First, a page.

Many of the tribes venerated her higher than the Aesir, calling her “the Frowe” or “The Lady.” Frey, her twin brother and consort, was the horned God of fertility. His titles included “King of the Alfs (elves).” Both the Swedish and the English are said to be descendents of his.

The Celts and Picts, loosely related to the Germanic barbarians, held their own pantheon of deities; not as hierarchially structured as the Aesir and Vanir.

Their “Lord and Lady” were known as Cernnunos (Herne) and Cerridwen, God and Goddess of nature, the land, and fertility.

Eventually their legends produced earthly counterparts such as Arthur and Guinevere.

Their warrior goddess was a triple goddess known as the Morrigan.

The great mother of all was Danu, from which came the Tuatha de Danaan (Children of the Goddess Danu).

Their sun God was known as Lugh (Light), while his son was the Celtic hero Cu Chullain (Hound of Cullan). There are similarities between their stories and the Norse Volsung Saga.

Interestingly enough, many of the Celtic and Pictish deities were considered to be human heros at one time.

The Dagda (the High King), Cu Chuliann, Fionn MacCumhaill, the bard Taliesin; among others venerated by the Celts and Picts, all had earthly counterparts.

The Celts and Picts also venerated the Faery Folk, known as the Sidhe (pronounced SHEE).

As far as the nomadic Goths went, they originally worshipped the same pantheon as did the Germanic/Norse barbarians, but because of their wanderings and their propensity for adopting the standards, beliefs, and practices of whatever culture within which they located, were the first barbarians to adopt Christianity as a faith – actually long before the Romans did.

Individual tribes also tended to venerate individual gods within these pantheons. The Alamanni, for example, venerated Ziw (Tyr) above all other Gods; the Anglo-Saxons of England hailed Thor as the chief God instead of Wodan, and the ancient Swedish venerated Freyr as their champion.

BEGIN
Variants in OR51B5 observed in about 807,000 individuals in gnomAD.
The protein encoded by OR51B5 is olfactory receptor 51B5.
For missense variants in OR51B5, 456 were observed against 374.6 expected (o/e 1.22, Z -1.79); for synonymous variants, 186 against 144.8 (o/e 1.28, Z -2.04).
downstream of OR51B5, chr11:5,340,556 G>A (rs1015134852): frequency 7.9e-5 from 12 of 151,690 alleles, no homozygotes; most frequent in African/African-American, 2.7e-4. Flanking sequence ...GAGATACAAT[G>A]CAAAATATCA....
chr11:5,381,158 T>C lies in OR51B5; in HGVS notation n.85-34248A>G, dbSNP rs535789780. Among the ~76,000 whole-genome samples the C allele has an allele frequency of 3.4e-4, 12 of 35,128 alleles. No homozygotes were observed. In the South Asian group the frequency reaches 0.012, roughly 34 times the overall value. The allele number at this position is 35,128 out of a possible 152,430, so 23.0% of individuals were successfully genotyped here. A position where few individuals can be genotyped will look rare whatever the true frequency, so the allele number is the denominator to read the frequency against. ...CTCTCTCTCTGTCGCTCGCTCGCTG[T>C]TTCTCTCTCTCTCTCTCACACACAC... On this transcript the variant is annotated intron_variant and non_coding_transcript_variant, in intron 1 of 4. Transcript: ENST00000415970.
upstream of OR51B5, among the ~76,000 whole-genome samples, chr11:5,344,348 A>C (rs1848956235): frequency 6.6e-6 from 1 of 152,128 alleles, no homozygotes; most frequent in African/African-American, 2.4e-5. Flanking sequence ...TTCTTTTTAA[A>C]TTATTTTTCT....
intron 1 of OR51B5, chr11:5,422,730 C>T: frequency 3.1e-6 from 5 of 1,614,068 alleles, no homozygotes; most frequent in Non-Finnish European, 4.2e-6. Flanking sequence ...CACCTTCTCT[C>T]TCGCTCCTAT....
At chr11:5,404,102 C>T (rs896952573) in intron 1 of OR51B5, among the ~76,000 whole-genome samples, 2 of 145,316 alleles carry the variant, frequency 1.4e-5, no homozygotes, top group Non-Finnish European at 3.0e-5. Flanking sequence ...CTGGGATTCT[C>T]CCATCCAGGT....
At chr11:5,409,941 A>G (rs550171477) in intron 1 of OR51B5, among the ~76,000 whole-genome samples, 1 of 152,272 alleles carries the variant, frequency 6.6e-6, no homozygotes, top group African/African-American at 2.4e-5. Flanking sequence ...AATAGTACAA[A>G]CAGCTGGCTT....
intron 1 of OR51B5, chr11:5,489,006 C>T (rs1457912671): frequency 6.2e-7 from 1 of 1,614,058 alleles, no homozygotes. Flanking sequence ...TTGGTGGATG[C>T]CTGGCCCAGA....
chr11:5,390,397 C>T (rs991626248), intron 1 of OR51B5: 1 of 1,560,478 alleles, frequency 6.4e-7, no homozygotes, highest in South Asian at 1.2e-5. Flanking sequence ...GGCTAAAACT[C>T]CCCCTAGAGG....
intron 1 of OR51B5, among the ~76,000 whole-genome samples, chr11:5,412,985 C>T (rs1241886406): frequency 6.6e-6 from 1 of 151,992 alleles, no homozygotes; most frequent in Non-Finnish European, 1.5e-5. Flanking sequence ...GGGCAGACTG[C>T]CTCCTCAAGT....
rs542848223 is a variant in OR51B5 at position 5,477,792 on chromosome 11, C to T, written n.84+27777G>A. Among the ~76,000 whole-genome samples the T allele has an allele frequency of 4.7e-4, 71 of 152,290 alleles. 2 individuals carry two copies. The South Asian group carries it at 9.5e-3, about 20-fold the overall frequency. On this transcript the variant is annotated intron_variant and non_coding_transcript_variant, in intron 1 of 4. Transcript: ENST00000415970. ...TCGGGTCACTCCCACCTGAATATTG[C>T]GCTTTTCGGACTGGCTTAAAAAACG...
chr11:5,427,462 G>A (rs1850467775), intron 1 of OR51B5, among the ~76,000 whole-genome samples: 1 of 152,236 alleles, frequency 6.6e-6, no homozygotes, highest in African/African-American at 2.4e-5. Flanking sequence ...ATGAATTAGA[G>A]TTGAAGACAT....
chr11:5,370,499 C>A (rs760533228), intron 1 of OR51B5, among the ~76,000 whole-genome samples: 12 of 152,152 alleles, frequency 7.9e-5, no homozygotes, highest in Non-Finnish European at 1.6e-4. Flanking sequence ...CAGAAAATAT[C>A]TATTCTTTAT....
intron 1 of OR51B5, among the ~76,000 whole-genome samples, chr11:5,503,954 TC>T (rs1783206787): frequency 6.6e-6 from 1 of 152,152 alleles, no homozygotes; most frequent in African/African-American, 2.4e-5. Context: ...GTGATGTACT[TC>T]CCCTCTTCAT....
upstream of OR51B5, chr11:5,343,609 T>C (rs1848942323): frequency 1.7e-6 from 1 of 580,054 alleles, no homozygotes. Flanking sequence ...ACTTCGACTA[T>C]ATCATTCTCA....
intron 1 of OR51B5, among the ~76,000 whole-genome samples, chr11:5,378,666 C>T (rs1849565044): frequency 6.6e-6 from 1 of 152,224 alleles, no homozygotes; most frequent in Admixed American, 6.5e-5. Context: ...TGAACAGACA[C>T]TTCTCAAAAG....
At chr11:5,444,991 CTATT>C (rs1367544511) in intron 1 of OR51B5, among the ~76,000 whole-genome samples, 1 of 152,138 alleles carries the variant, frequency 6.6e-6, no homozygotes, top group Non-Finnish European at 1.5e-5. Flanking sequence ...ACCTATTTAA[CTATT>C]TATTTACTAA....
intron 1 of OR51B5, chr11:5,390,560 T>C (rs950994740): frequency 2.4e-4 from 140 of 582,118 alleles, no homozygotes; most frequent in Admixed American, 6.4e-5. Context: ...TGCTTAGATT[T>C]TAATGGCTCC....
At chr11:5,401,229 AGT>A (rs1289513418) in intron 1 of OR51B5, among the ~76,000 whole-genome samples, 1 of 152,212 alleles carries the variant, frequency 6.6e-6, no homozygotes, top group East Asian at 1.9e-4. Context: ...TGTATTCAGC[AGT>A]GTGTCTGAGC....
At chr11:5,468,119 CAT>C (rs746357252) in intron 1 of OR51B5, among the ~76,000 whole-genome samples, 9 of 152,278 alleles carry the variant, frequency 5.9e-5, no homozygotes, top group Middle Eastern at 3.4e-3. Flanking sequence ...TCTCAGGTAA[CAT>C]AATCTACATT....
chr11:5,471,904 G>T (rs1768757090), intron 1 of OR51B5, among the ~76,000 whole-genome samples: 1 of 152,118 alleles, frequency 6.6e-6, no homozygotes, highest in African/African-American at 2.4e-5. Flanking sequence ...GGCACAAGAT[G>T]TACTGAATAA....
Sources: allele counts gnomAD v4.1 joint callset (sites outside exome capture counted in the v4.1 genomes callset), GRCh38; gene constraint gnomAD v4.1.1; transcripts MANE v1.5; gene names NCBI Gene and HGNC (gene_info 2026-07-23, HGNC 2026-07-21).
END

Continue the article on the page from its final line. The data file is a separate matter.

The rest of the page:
Others venerated Nerthus as goddess of Earth and Njord, her consort, as God of the Sea. Still others worshipped Njord and Skadhi as husband and wife; the kindly sea-god of summer and the harsh, cold Winter goddess of hunting and snow. In Hans Christian Andersen’s classic “The Snow Queen,” much of the Skadhi legend is embodied in his personification of the Snow Queen, representative of Winter and death.

The Universe consisted of 9 separate and distinct worlds, bound together by Yggdrasil, the World Tree.

Except for Asgard and Hel, which were considered to be separate from the Earth, all of the other worlds had their realms within the Physical Plane of awareness. These worlds are:

Asgard: – Home of the Aesir; the Sky Gods, seat of the Soul

Vanaheim: Home of the Vanir; the Nature Gods

Alfheim: Home of the Elves; Elemental Plane of Air, realm of the Mind

Mulspelheim: Elemental Plane of Fire; realm of Fortune and Magic

Midgard: Home of Mankind; the Earth, where all things are manifested

Nifelheim: Elemental Plane of Ice; home of the Etheric being

Svartalfheim: Home of the Dwarves, the Elemental Plane of Earth; that of the Astral

Jotunheim: Home of the Giants, realm of the Subconscious

Hel: Realm of the Dead, home of the ephemeral.

The ability to consciously travel among these worlds was much the practice of Seith (Sedhr) magic, known to us now as Shamanism. Sedhr was considered to be a feminine form of magic, and was practiced mainly by women and by a few men who had mastered the craft as well.

To the Barbarians, the Being was comprised of several parts; each interrelated, but which could be separated and sent forth away from the physical being.

These parts of the entire being are:

Hamingja: fortune, luck, or what is known as “mana”; magical power

Fylgia: the Fetch; the etheric double, later known as the “Ghost”

Orlog: one’s destiny or Fate, as determined by the Norns

Minni:Memory, or the Subconscious, Instinctive Mind,

Modig: The Mood, or the Astral (feeling) body

Manig: The Will; a combination of Earthly Strength and Soul-Force

Hugr: The Higher Mind; capable of thought, idea, and reason; the Mental body

Hamr: The Soul; that which endures lifetime to lifetime.

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